Hypersonic and space travel

To satisfy the basic curiosity of mankind, space travel has been high on the want list for many years. Current methods to launch men into space and to recover them to earth are extremely expensive and dangerous. New ventures like that by Rutan could make space travel feasible at acceptable cost. But the idea of using a space plane to visit outer space hotels or densely populated stations on Mars is still a long way off.
Another issue is travelling to destinations on the globe at higher speeds. The sound barrier has proven to be a phenomenon that seriously restricted travel to subsonic speeds. Only Concord flew on a regular basis at Mach 2, but it required substantial amounts of power and fuel to overcome drag in the atmosphere. And thus Concord was expensive to operate and accessible to the happy few only.
Will it be feasible to fly even faster then today to several destinations in the world at reasonable cost? Will hypersonic airliners, flying faster than 5 times the speed of sound, bring us to any destination on the globe in a few hours? The technology is (almost) ready. New supersonic ramjet technology (scramjets), using air breathing propulsion systems based on liquid hydrogen fuel would allow us to reach any place on the globe within 2 hours flying at Mach 10.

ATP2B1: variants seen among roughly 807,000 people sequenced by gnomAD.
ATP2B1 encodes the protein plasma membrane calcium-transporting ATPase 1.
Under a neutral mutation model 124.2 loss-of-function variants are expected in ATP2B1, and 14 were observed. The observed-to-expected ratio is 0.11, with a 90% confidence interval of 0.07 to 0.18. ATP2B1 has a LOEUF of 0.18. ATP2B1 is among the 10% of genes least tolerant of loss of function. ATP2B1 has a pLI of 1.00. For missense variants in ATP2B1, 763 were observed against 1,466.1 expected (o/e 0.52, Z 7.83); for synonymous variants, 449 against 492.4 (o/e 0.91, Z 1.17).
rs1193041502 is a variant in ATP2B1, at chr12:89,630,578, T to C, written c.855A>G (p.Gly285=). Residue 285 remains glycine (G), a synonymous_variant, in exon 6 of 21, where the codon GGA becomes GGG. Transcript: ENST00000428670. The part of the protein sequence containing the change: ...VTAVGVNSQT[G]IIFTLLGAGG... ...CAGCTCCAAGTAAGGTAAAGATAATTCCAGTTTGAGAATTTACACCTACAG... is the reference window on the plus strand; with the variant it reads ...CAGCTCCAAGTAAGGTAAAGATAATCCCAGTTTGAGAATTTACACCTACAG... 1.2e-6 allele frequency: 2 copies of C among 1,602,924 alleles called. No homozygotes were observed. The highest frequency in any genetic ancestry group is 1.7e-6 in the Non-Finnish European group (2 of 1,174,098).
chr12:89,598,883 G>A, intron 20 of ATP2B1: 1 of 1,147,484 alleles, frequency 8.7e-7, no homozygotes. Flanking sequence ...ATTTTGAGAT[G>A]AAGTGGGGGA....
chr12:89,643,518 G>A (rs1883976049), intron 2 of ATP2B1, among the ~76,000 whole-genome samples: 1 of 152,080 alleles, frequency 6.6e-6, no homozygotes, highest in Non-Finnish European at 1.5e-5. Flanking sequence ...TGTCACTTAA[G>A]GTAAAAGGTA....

New methods of flight like the wave rider method would allow airliners to ride on their own shock waves. The concept of Hyper Soar would lift an aircraft under its own power up to 40Km high. The engines would then be turned off. The plane would still accelerate to 60Km altitude and then fall back to earth. At about 35 Km high it would "skip" on the upper layers of the atmosphere and be bounced back into space. Each skip would represent a 450km travel distance and a trip between Tokyo and the western part of the US (10.000Km) would take 72 min., using 18 skip procedures. The inventors claim that this method would make travel twice as fuel-efficient as today’s airliners. The question remains whether this could become a regular way to travel or just a fun ride as the passenger would be subjected to zero "g" conditions and during the bounce probably to several “g’s”.
We feel that such operations will not replace regular air traffic for a long time to come. The hypersonic aircraft will probably first be used in the military domain. Issues like propulsion, heat and safety need to be explored first before any use in commercial aviation seems feasible. However, if we succeed in attaining speeds up to Mach 24, we could develop an aeroplane that could reach outer space stations, as this speed would represent the same speed as objects in orbit around the globe. Such a vehicle would probably need a combination of scramjet engines and rocket power.
Do we feel that space travel or hypersonic travel is likely to happen on a routine basis in the next 50 years?
Probably not. Unless big steps in new technologies come along that would allow for an efficient, safe and a comfortable (1-g) journey.

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